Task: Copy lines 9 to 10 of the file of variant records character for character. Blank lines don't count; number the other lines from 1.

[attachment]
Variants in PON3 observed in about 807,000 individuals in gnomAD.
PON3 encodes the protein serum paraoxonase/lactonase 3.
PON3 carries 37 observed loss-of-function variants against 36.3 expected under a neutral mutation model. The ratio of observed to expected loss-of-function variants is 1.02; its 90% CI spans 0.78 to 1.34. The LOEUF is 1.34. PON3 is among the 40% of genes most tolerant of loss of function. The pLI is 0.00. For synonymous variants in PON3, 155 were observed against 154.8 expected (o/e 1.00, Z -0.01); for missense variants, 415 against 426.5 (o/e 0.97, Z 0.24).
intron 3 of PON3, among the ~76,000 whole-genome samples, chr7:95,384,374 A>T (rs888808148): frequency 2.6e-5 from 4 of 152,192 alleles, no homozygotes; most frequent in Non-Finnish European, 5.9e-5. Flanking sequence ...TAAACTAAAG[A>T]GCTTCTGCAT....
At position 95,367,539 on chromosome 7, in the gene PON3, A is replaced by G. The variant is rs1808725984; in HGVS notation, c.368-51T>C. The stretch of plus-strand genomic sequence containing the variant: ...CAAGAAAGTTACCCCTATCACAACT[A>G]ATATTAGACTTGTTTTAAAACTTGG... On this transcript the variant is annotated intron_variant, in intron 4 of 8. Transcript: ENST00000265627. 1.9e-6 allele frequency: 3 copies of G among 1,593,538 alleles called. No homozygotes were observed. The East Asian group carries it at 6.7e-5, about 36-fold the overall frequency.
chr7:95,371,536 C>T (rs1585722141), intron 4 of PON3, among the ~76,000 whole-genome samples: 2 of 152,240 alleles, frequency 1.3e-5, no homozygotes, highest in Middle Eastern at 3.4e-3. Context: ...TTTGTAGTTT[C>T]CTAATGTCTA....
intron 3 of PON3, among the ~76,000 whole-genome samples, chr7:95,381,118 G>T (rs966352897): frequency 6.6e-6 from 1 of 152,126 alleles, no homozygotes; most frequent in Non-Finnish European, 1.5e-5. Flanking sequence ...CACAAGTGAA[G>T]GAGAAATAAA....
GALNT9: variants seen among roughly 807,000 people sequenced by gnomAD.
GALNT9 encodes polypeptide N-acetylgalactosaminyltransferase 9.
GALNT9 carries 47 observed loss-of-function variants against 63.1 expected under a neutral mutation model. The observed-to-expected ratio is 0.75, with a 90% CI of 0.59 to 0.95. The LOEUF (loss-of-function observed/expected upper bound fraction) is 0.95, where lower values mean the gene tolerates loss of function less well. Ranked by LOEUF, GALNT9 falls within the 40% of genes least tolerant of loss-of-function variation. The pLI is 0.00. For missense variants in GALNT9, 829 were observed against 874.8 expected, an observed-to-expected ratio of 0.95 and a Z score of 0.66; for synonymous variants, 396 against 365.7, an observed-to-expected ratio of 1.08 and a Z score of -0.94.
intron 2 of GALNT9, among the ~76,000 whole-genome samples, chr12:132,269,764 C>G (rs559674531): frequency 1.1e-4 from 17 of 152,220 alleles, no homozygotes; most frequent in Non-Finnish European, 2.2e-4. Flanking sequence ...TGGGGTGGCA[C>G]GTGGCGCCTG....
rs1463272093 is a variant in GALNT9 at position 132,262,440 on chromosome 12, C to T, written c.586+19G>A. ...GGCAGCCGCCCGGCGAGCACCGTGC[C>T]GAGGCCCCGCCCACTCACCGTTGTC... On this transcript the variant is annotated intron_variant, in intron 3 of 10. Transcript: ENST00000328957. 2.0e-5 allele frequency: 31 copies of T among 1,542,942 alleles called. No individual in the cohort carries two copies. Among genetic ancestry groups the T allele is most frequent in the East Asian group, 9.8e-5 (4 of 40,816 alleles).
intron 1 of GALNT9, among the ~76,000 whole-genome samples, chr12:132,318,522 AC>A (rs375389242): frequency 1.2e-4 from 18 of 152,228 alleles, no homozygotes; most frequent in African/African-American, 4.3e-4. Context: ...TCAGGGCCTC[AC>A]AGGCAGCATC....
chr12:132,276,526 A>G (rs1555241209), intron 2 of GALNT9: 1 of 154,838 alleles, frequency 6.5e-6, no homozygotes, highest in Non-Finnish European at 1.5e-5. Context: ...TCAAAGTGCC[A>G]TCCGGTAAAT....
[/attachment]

GALNT9 encodes polypeptide N-acetylgalactosaminyltransferase 9.
GALNT9 carries 47 observed loss-of-function variants against 63.1 expected under a neutral mutation model. The observed-to-expected ratio is 0.75, with a 90% CI of 0.59 to 0.95. The LOEUF (loss-of-function observed/expected upper bound fraction) is 0.95, where lower values mean the gene tolerates loss of function less well. Ranked by LOEUF, GALNT9 falls within the 40% of genes least tolerant of loss-of-function variation. The pLI is 0.00. For missense variants in GALNT9, 829 were observed against 874.8 expected, an observed-to-expected ratio of 0.95 and a Z score of 0.66; for synonymous variants, 396 against 365.7, an observed-to-expected ratio of 1.08 and a Z score of -0.94.